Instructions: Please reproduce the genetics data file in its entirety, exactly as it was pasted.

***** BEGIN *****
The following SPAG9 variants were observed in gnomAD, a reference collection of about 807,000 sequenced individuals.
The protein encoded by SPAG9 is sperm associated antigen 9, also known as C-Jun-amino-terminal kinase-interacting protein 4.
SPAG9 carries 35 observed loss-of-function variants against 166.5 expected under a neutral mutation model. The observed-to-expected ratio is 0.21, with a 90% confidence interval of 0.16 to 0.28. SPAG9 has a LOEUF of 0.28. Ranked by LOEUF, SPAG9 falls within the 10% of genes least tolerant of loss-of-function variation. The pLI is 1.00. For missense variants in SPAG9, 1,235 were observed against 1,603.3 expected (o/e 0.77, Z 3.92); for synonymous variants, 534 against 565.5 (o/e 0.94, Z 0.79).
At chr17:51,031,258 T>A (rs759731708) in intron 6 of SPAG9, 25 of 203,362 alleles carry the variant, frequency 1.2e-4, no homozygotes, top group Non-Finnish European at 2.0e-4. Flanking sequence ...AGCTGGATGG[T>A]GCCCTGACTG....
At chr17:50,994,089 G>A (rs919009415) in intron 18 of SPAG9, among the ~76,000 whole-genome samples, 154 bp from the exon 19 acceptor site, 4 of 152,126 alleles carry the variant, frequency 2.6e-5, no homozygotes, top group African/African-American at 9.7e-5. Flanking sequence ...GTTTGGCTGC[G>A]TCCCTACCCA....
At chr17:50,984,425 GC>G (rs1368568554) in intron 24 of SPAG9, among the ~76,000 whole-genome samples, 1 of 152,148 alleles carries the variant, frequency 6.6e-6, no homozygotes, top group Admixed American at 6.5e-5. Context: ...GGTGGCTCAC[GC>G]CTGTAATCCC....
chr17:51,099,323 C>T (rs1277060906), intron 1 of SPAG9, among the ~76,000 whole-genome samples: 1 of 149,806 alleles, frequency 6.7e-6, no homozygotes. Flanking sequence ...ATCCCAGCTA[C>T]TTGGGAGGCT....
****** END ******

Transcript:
The following SPAG9 variants were observed in gnomAD, a reference collection of about 807,000 sequenced individuals.
The protein encoded by SPAG9 is sperm associated antigen 9, also known as C-Jun-amino-terminal kinase-interacting protein 4.
SPAG9 carries 35 observed loss-of-function variants against 166.5 expected under a neutral mutation model. The observed-to-expected ratio is 0.21, with a 90% confidence interval of 0.16 to 0.28. SPAG9 has a LOEUF of 0.28. Ranked by LOEUF, SPAG9 falls within the 10% of genes least tolerant of loss-of-function variation. The pLI is 1.00. For missense variants in SPAG9, 1,235 were observed against 1,603.3 expected (o/e 0.77, Z 3.92); for synonymous variants, 534 against 565.5 (o/e 0.94, Z 0.79).
At chr17:51,031,258 T>A (rs759731708) in intron 6 of SPAG9, 25 of 203,362 alleles carry the variant, frequency 1.2e-4, no homozygotes, top group Non-Finnish European at 2.0e-4. Flanking sequence ...AGCTGGATGG[T>A]GCCCTGACTG....
At chr17:50,994,089 G>A (rs919009415) in intron 18 of SPAG9, among the ~76,000 whole-genome samples, 154 bp from the exon 19 acceptor site, 4 of 152,126 alleles carry the variant, frequency 2.6e-5, no homozygotes, top group African/African-American at 9.7e-5. Flanking sequence ...GTTTGGCTGC[G>A]TCCCTACCCA....
At chr17:50,984,425 GC>G (rs1368568554) in intron 24 of SPAG9, among the ~76,000 whole-genome samples, 1 of 152,148 alleles carries the variant, frequency 6.6e-6, no homozygotes, top group Admixed American at 6.5e-5. Context: ...GGTGGCTCAC[GC>G]CTGTAATCCC....
chr17:51,099,323 C>T (rs1277060906), intron 1 of SPAG9, among the ~76,000 whole-genome samples: 1 of 149,806 alleles, frequency 6.7e-6, no homozygotes. Flanking sequence ...ATCCCAGCTA[C>T]TTGGGAGGCT....